Nadal, playing in pain in a loss to Denis Shapovalov at the Italian Open, came away downbeat and pensive with the year’s second Grand Slam event less than two weeks away.
ROME — Quick and dominant in the first set against Denis Shapovalov, Rafael Nadal was quite the opposite down the stretch at the Italian Open on Thursday night.
Late to the ball. Limping between points. Grimacing and wincing even on changeovers. His distress was so visible as the double faults and unforced errors piled up late in the final set that even the Canadian fans sitting high in the center court stands were offering up sympathetic applause for Nadal as their compatriot Shapovalov put the final touches on his victory, 1-6, 7-5, 6-2, in the round of 16.
Shapovalov, an elastic and explosive left-hander ranked No. 16, has the tools to trouble even a healthy Nadal. He beat him in their first match in 2017 when Shapovalov was still a teenager, and should have beaten him in last year’s round of 16 at the Italian Open when he failed to convert two match points. He also pushed Nadal to five sets at this year’s Australian Open.
But this was far from a healthy Nadal, with his chronic left foot problem, known as Müller-Weiss disease, resurfacing on his favorite surface. With the French Open looming, his mood in the aftermath was as downbeat and pensive as I can recall in nearly 20 years of following his career.
“I imagine there will come a time when my head will say ‘Enough,’” Nadal, a 10-time Italian Open champion, said in Spanish, pursing his lips and shaking his head. “Pain takes away your happiness, not only in tennis but in life. And my problem is that many days I live with too much pain.”
Nadal said he also had to live with taking “a ton of anti-inflammatories daily to give myself the ability to train.”
“That is my reality,” he said. “And there have been many days, like today, when the moment comes that I can’t do it.”
He finished with 34 unforced errors and just 13 winners on Thursday, and the question now is whether the most successful clay-courter in history will even be able to play at the French Open, the Grand Slam tournament he has won a record 13 times.
“I’m going to keep dreaming about that goal,” Nadal said of the tournament. “The negative thing is today it’s not possible to play for me, but maybe in two days things are better. That’s the thing with what I have on my foot.”
The French Open will begin in nine days on May 22, although Nadal might not have to play until May 24 because the French Open, which starts on a Sunday, stages its first round over three days.
Though Nadal, who will turn 36 next month, has often shown astonishing fighting spirit and recuperative powers, this will be a challenge like no other for him in Paris in the springtime.
“Definitely tough to see him in pain there at the end; I never want to see that, especially with a great legend like Rafa,” said Shapovalov, who still had to produce bold tennis and big serves to win on Thursday. “Hopefully he’s OK. He brings so much to our sport. Hopefully he’s fit and ready to go for the French.”
The only time Nadal has triumphed at Roland Garros without winning a clay-court tournament earlier in the year was in 2020, the pandemic-shortened season when the start of the French Open was moved to October and nearly the entire clay-court season was canceled.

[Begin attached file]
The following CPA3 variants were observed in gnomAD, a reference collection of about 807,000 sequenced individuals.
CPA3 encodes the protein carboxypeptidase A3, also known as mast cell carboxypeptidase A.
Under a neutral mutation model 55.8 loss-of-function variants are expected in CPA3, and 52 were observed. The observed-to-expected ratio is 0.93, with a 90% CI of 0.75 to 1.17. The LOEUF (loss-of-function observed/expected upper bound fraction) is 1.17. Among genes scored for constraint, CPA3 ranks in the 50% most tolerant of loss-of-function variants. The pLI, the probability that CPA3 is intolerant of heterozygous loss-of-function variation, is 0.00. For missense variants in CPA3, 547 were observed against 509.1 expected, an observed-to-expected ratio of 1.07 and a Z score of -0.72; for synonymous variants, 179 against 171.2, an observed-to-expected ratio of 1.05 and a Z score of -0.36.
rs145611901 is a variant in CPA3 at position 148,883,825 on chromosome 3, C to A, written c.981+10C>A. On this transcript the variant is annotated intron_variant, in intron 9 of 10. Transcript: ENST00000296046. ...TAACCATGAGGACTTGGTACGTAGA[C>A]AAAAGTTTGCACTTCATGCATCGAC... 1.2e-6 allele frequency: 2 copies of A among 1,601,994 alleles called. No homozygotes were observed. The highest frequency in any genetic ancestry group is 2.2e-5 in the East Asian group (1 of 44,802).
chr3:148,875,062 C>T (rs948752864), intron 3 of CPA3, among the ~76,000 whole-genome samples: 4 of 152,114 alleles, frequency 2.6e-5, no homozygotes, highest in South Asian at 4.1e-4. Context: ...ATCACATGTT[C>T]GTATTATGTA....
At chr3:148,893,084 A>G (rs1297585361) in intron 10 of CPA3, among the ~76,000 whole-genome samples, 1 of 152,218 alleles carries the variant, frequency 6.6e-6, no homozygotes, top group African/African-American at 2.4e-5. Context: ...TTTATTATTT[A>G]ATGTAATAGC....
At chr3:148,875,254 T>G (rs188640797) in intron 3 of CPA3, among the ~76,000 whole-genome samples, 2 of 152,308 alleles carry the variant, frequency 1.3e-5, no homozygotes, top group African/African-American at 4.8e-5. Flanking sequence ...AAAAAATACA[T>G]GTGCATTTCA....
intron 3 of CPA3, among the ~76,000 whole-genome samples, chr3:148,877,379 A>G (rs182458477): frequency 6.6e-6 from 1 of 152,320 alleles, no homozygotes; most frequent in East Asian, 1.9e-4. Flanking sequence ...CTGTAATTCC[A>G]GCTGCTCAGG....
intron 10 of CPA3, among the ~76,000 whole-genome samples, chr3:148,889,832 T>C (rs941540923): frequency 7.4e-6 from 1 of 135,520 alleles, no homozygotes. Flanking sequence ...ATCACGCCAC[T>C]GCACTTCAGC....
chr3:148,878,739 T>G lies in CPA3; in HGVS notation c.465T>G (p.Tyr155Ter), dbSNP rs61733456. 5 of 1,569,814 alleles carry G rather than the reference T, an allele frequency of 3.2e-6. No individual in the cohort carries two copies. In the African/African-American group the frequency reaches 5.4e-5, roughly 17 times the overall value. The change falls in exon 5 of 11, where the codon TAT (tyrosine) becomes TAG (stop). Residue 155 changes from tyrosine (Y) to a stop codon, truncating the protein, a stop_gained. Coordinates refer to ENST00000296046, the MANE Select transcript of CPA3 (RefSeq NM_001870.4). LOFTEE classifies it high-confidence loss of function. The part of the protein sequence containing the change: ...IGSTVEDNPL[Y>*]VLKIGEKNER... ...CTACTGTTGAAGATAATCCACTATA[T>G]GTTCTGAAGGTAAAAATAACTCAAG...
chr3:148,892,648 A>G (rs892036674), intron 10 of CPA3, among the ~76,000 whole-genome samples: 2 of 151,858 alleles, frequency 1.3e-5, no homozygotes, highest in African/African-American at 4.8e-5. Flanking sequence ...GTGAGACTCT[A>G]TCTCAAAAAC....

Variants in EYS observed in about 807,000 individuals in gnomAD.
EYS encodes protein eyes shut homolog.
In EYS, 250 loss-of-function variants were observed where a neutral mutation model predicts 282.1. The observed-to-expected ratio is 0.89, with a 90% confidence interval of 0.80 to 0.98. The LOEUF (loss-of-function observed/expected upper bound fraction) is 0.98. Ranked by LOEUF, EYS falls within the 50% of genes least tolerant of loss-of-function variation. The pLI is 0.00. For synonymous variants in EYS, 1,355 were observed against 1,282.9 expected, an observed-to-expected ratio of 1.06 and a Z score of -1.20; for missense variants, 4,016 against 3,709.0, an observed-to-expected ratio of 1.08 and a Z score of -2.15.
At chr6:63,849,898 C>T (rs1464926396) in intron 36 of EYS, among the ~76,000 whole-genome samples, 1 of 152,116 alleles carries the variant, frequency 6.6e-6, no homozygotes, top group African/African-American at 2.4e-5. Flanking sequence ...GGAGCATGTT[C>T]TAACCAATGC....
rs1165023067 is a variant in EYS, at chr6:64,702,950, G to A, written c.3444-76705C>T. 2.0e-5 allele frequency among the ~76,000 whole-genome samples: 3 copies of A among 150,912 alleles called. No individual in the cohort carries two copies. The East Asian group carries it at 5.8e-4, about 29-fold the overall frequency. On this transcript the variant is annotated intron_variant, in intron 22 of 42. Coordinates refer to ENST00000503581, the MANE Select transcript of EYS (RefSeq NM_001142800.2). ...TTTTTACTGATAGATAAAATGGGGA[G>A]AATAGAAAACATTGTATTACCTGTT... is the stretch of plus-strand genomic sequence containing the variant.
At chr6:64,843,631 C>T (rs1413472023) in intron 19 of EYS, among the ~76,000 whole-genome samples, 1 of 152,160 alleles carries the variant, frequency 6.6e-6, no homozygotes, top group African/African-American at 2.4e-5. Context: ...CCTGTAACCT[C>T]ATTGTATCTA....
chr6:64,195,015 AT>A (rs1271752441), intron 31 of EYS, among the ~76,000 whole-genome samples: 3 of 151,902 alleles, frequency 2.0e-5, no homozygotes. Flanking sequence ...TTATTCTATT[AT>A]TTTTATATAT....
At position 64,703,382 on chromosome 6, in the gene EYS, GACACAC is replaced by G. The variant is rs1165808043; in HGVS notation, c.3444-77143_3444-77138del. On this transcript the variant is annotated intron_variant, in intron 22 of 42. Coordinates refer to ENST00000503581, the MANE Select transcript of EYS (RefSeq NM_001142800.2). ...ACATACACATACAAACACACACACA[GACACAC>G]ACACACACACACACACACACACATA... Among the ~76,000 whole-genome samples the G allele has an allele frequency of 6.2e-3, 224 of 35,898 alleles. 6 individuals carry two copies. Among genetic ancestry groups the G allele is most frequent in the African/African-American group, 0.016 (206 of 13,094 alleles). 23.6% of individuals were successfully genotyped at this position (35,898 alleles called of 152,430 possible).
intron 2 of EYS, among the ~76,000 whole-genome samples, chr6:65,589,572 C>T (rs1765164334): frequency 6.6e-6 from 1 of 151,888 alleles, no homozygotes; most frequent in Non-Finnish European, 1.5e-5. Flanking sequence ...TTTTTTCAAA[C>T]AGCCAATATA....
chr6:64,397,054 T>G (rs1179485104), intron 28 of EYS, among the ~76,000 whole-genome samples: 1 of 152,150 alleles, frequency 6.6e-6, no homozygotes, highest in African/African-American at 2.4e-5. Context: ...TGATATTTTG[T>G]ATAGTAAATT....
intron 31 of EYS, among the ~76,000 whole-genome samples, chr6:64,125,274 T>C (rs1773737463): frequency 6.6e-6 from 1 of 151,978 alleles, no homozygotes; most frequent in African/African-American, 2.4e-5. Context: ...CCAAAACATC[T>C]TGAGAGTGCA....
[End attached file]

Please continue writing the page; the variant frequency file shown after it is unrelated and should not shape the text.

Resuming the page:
This year, the schedule has been back to normal but not for Nadal. After a torrid start to the season, with 20 straight victories and a record 21st Grand Slam singles title at the Australian Open, his clay-court campaign was delayed by a stress fracture in his ribs that kept him from competing or practicing normally for six weeks.
He returned for the Madrid Open this month and was upset by the 19-year-old Spanish sensation Carlos Alcaraz in the quarterfinals and has now experienced his earliest defeat at the Italian Open since 2008, when Juan Carlos Ferrero, a former No. 1 who is now Alcaraz’s coach, surprised Nadal in the second round.
Nadal went on to win the 2008 French Open anyway, overwhelming his archrival Roger Federer in the final, but Nadal had already won the titles in Monte Carlo, Barcelona and Hamburg that year.
This season, he is short on matches and victories on clay while established threats like Novak Djokovic and Stefanos Tsitsipas, and new ones like Alcaraz, have established firmer footing.
“Ultimately even the greatest players can’t beat Father Time,” said Brad Stine, the veteran American coach now working with Tommy Paul. “It’s getting to that point for Rafa. What he did in Australia was beyond exceptional, but I think we have been seeing the collateral damage of his great start to the season. If healthy, he is still a favorite week in and week out, but that if is a big one. ‘If the body breaks down’ is not included in Kipling’s poem.”
That is a reference to “If,” an excerpt from which is posted at the players’ entrance to Wimbledon’s Centre Court.
It is difficult after 15 years of watching Nadal nearly always prevail over adversity and the opposition at Roland Garros to imagine that he truly won’t find a way to pose a challenge.
“I will fight for it,” he said grimly. “I will continue to believe during this week and a half.”
What is clear is that, for a change, he should not be the favorite. “No way,” said Mark Petchey, the veteran coach and analyst. “Lots of co-favorites and players with genuine chances to win.”
His longer list includes the defending champion, Djokovic; last year’s other finalist, Tsitsipas; Alcaraz; Alexander Zverev; Casper Ruud; and the young Italian Jannik Sinner.
Nadal, since losing to Djokovic in a four-set semifinal in Paris last June, has played just five matches on clay, losing two of them.
Watching him struggle, then eventually hobble on Thursday, was a reminder that nothing is eternal, not even Nadal on the surface that he has made his own.